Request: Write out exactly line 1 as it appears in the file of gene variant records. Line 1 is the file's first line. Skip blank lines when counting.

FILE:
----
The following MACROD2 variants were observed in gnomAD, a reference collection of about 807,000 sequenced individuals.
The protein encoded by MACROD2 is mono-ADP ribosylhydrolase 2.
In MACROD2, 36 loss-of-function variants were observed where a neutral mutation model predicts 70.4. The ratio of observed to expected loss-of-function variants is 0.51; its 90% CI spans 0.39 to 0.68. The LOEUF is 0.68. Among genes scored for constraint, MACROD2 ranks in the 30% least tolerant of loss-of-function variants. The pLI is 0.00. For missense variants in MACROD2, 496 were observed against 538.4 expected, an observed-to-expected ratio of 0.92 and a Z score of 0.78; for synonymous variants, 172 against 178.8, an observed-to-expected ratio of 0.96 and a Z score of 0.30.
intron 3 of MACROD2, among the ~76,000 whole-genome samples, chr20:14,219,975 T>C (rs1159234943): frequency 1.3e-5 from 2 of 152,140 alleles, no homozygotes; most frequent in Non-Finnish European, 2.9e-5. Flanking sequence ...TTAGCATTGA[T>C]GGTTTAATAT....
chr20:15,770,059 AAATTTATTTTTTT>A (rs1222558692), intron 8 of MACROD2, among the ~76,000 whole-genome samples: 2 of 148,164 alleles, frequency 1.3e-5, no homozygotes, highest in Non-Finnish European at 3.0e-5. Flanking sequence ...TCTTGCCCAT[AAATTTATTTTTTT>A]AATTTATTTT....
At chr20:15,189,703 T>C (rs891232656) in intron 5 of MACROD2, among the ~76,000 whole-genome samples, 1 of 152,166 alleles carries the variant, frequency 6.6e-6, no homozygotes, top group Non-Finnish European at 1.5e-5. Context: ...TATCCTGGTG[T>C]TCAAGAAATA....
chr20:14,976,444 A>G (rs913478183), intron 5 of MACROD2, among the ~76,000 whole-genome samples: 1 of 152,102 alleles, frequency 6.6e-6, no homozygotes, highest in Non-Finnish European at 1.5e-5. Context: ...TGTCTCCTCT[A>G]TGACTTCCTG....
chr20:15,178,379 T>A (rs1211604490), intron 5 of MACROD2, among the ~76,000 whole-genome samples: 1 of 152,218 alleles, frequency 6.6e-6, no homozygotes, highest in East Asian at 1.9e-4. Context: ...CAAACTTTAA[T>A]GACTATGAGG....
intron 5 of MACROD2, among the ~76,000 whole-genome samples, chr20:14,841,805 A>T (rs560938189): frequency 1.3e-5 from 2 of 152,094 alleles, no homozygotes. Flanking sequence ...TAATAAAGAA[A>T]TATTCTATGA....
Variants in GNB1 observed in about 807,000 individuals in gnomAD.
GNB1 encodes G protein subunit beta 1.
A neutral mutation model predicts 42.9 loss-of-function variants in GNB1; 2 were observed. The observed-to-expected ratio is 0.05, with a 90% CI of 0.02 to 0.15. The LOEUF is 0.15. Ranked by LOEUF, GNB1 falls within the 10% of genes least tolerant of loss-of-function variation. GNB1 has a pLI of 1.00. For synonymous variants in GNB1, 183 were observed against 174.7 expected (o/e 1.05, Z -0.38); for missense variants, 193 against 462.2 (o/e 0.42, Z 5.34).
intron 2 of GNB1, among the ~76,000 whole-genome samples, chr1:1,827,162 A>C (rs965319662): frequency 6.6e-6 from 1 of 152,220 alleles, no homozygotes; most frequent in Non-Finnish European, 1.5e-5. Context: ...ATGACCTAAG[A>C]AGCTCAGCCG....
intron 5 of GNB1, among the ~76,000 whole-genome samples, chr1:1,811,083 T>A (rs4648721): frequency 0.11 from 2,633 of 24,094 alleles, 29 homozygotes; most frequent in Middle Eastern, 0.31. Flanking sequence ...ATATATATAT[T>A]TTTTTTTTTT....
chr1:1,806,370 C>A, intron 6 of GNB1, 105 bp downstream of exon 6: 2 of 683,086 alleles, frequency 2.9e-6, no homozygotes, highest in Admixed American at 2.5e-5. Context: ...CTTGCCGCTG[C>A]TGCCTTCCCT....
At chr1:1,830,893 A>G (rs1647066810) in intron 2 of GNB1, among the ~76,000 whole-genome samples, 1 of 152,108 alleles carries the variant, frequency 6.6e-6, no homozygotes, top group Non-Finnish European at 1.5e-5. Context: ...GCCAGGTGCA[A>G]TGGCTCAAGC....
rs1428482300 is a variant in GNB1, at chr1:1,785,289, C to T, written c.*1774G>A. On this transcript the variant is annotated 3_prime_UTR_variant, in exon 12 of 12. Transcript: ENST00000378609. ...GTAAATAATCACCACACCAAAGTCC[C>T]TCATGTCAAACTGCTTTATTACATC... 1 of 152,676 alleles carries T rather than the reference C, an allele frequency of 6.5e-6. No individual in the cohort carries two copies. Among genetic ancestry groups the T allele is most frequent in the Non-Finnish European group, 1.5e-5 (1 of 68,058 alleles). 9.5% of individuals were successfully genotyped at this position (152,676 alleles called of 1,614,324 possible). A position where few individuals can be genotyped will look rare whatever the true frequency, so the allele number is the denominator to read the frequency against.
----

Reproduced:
The following MACROD2 variants were observed in gnomAD, a reference collection of about 807,000 sequenced individuals.